Tue, 25 Jul 2017 22:45:19 +0000
I can’t believe we’ve been down under for an entire year already. But yep, this time last year we were dragging ourselves off a plane coming from the other side of the world, not sure what day it was or who we were. We landed in Auckland, survived security, rented a car, drove to our friends’ place and passed out in the front seats while waiting for them to come home.It was the beginning of a new adventure.
The day we left
Some days (??) later
So 365 days later, here’s a list of things I like about New Zealand.
(I started writing this on New Year’s Eve, seven months ago. We went to the waterfront to celebrate, along with pretty much the entire city. I’m not big on NYE (I would much rather spend it with tea and Scrabble, and a handful of friends than outside in the cold), and as probably most of you I’m used to NYE celebrations starting at the stroke of midnight. This time round, that’s when they ended. I was at home at 00.27, in bed at 00.43. This made me want to write a list of things I like about this country.)
People are nice When I first heard that Kiwis are nice, I thought I’d already seen it all in the UK. British people are pretty nice (at least compared to where I come from). Turns out, you know nothing Brits! On this side of the world you get upgraded to a whole new level of niceness. People will go out of their way and help you even if they don’t know you. They’d do something kind to you just for the sake of it. When we overheated Shelby and we had to cool it down on the side of the road, countless passerbys stopped to check if we were ok. A lady I just met gave me a pot of beans after I mentioned I wanted to started my own vegetable garden. One morning we were parked outside a French bakery and this dude gave us croissants for free. Things like these have never happened to me anywhere else.
Landscapes If you like sightseeing, New Zealand is your guy. It’s incredible how varied, Instagram-worthy, crazy beautiful sceneries this country has to offer. We see breathtaking landscapes every day - and we haven’t even been to the South Island yet! I love that in Wellington you don’t have to drive for hours to go for a hike or see the ocean: we have it all right here where we live.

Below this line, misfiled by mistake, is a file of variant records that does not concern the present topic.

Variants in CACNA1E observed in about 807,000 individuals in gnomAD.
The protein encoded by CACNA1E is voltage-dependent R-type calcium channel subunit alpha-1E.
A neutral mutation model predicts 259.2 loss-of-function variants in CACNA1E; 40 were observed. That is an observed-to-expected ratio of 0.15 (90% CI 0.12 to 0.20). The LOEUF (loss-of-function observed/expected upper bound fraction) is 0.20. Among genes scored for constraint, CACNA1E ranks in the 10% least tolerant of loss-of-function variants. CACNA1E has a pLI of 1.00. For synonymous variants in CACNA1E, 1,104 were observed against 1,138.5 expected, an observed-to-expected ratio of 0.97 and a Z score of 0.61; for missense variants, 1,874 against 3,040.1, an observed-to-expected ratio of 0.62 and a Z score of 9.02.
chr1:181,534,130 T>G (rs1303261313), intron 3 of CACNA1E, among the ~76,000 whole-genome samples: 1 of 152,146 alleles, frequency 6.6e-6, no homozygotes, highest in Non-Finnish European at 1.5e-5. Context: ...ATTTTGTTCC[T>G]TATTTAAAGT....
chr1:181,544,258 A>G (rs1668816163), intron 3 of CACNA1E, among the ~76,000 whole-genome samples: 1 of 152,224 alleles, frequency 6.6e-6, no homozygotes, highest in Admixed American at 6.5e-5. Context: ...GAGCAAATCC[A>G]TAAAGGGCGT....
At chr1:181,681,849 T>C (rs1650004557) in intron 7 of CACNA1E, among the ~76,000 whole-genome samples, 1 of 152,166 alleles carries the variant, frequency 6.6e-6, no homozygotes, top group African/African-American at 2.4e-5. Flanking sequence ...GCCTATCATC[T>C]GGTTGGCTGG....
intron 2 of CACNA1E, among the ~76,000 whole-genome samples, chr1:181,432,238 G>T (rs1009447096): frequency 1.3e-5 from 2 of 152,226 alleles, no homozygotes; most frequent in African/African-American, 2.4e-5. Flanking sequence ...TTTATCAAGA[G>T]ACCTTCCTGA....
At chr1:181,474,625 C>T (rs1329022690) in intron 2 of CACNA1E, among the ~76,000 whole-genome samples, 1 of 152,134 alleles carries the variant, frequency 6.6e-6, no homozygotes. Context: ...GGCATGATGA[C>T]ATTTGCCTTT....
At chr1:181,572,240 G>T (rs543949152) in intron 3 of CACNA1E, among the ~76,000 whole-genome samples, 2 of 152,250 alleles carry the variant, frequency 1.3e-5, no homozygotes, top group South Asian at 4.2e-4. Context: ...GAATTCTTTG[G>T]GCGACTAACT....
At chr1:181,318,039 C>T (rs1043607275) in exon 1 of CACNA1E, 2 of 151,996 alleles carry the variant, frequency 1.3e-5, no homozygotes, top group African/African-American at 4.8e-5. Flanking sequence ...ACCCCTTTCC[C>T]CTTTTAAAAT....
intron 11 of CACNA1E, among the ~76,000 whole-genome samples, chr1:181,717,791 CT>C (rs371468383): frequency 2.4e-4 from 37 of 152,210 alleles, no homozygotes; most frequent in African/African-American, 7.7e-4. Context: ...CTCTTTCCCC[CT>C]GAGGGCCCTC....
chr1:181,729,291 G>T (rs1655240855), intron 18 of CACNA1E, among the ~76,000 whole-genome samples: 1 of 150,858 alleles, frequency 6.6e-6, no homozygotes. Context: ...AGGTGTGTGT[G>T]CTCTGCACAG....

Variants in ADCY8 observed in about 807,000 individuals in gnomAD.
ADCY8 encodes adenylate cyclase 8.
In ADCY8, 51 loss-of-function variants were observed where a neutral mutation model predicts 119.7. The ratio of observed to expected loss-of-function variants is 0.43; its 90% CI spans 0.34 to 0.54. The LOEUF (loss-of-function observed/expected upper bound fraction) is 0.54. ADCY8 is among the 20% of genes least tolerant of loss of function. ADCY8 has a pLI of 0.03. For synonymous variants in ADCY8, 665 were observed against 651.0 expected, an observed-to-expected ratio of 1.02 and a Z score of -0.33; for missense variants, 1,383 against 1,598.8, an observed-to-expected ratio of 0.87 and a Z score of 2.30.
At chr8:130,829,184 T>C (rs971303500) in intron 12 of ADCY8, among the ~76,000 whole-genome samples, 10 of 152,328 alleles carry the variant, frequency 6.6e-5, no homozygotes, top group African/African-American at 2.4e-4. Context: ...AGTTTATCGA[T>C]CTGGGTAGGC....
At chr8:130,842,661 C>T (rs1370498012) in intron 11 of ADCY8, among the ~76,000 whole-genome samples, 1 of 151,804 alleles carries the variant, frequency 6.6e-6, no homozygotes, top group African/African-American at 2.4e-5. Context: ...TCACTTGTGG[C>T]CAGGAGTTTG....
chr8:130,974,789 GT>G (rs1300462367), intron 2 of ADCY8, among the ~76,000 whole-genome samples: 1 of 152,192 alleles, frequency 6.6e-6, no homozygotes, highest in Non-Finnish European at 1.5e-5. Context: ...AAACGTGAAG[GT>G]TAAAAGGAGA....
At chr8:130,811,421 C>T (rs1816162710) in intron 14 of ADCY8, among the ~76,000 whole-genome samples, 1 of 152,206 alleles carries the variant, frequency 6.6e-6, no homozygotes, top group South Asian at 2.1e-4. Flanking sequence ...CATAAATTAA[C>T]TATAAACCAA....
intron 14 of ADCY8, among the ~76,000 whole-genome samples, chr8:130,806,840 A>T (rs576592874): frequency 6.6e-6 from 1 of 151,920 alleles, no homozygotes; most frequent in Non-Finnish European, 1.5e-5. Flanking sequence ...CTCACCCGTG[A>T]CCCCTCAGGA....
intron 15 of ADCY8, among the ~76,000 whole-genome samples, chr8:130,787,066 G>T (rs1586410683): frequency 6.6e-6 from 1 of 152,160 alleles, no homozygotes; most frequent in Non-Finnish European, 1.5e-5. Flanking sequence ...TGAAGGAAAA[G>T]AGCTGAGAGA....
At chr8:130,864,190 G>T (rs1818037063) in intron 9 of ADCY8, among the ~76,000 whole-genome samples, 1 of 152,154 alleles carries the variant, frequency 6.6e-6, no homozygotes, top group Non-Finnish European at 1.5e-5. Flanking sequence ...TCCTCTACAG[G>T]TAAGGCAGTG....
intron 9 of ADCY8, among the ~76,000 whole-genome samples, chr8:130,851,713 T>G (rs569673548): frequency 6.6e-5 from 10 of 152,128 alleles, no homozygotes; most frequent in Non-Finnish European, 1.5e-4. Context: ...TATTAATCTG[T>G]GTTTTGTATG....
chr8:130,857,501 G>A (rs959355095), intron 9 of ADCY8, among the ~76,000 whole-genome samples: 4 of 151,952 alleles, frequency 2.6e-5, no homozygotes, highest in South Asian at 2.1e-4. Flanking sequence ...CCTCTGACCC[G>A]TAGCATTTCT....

(Check out my Instagram for more!)
Coffee culture Kiwis take their coffee very seriously (for some reason). But I’ll give it to them, New Zealand coffee is hands down the best coffee I’ve ever had.
Feeling safe One of the reasons we picked New Zealand over Australia was the lack of deadly animals (although let me tell ya, they have pretty chunky spiders down here too). After living in London, where I used to walk home with my house keys between my fingers, I’m glad I now live in a place where I can forget my front door wide open for the whole day and nothing happens. This is a country where chillaxing is a national sport and Jaffa cakes make it to the news. Kiwis don’t really have to worry about anything. New Zealand is so far away from the rest of the world that it’s often not even included in maps or weather reports. The national football team rules unbeaten simply because they still have to find another football team that can be bothered to travel all the way here to play, so I feel like I’m not going to lose my sleep over the fear that some terrorist will ever come all the way over here to blow things up.
Guess who ended up being hoovered
Housing Although us buying a house is still out of the picture, in Wellington we can afford to rent a house (not a flat) with a garden with a part-time income. In your face, London housing market.
Not our house
Enough room to spread your arms Crowded places are a thing of the past. Whether I’m hiking in the middle of nowhere or I’m taking a stroll in Wellington CBD, the amount of people I meet is pretty much the same. (Ok not really. But I never have to elbow my way through a crowd of tourists to get from point A to point B.) I yet have to experience the level of packed-ness that had become a daily occurrence in London. At events advertised as “the biggest, largest, unmissable, must-go” you can expect 200 people max. I freaking love this (although I will admit sometimes I wish I could be right in the middle of Oxford Circus for like 30 seconds just to remember what it feels like).
Flip flops Although I’m more of a shoe person (my feet are always cold), I love the fact that it is acceptable to take off your shoes in public and even walk around barefoot. Suns out, feets out!
Zero Waste And finally to the point that I hold the dearest: my Zero Waste dream finally became reality. Every time I talk to my parents back home in Italy, I realise I’m very fortunate to live in a city that offers so many resources to live waste-free: op shops, bulk food stores, tool libraries, swap markets… Not every country/city has those, and it does make a big difference in terms of people can do as individuals to reduce the amount of waste they produce.
And that’s it! Happy first anniversary, New Zealand, and to many more years to come!